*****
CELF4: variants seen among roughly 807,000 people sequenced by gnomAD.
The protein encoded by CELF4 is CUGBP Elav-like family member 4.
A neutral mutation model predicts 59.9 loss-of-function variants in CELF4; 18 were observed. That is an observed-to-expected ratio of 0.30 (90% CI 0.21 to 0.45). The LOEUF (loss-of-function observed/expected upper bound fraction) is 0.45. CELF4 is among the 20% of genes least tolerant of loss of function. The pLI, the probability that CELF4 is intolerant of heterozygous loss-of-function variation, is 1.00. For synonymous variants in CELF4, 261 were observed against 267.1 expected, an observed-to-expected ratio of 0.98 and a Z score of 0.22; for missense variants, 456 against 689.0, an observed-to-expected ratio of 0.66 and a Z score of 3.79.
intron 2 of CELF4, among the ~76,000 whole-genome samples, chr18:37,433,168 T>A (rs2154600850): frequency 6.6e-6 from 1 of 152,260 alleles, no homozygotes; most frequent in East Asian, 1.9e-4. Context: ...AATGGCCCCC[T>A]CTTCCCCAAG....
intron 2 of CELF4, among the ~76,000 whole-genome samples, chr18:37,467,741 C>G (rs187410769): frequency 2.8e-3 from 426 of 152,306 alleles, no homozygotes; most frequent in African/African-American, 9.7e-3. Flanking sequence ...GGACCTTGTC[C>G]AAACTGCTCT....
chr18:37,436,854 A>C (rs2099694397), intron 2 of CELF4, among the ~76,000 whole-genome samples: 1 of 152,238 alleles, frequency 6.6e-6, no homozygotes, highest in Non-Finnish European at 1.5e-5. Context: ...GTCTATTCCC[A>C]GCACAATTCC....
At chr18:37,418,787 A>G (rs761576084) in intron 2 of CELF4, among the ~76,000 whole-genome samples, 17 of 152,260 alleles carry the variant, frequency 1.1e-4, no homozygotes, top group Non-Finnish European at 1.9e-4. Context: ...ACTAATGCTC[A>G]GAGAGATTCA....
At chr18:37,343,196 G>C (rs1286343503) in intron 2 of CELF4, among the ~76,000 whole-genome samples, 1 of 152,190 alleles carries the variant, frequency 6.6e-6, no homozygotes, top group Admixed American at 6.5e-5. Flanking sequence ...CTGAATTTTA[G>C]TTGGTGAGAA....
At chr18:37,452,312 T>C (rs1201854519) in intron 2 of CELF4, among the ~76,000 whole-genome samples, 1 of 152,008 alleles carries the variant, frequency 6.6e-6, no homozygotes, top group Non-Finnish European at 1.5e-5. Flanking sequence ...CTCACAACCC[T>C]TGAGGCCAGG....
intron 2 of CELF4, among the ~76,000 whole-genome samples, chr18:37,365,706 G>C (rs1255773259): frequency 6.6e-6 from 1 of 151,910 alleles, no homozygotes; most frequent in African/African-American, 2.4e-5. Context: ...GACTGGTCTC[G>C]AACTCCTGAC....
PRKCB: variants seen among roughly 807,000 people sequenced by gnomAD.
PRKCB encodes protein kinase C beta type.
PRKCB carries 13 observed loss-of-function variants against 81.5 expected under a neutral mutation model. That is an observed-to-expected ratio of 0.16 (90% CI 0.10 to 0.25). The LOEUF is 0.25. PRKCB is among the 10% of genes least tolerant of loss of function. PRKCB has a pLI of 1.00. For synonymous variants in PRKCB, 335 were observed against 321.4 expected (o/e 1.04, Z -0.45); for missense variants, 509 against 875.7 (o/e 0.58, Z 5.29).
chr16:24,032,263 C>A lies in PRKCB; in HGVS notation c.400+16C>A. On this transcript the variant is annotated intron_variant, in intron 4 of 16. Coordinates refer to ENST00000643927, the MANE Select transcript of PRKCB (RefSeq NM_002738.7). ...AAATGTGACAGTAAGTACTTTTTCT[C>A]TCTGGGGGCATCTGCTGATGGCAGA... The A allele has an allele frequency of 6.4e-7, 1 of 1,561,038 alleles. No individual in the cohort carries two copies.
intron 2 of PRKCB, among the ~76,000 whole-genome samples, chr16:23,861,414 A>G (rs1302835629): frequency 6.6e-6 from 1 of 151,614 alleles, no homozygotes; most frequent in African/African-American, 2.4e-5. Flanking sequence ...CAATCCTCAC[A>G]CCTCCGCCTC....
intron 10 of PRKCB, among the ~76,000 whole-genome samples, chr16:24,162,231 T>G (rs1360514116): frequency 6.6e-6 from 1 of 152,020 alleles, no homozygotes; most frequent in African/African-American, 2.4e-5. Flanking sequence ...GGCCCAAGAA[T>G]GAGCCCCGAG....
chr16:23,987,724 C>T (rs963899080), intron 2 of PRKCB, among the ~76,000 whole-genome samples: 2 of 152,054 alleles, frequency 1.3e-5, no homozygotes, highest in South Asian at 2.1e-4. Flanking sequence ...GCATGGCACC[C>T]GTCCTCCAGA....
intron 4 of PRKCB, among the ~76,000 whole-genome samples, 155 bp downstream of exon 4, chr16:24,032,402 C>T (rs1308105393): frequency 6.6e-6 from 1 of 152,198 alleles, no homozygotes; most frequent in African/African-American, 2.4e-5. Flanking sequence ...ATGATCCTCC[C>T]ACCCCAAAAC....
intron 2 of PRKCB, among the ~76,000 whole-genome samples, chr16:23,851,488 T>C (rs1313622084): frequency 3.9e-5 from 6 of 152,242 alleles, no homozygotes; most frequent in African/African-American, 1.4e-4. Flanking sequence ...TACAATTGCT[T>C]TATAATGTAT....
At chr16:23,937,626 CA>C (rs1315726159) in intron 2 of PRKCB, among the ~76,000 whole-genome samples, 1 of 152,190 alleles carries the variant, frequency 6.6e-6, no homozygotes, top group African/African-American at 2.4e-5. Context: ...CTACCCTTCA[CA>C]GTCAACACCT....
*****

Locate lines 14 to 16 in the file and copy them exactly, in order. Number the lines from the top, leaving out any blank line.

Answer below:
chr16:24,032,263 C>A lies in PRKCB; in HGVS notation c.400+16C>A. On this transcript the variant is annotated intron_variant, in intron 4 of 16. Coordinates refer to ENST00000643927, the MANE Select transcript of PRKCB (RefSeq NM_002738.7). ...AAATGTGACAGTAAGTACTTTTTCT[C>A]TCTGGGGGCATCTGCTGATGGCAGA... The A allele has an allele frequency of 6.4e-7, 1 of 1,561,038 alleles. No individual in the cohort carries two copies.
intron 2 of PRKCB, among the ~76,000 whole-genome samples, chr16:23,861,414 A>G (rs1302835629): frequency 6.6e-6 from 1 of 151,614 alleles, no homozygotes; most frequent in African/African-American, 2.4e-5. Flanking sequence ...CAATCCTCAC[A>G]CCTCCGCCTC....
intron 10 of PRKCB, among the ~76,000 whole-genome samples, chr16:24,162,231 T>G (rs1360514116): frequency 6.6e-6 from 1 of 152,020 alleles, no homozygotes; most frequent in African/African-American, 2.4e-5. Flanking sequence ...GGCCCAAGAA[T>G]GAGCCCCGAG....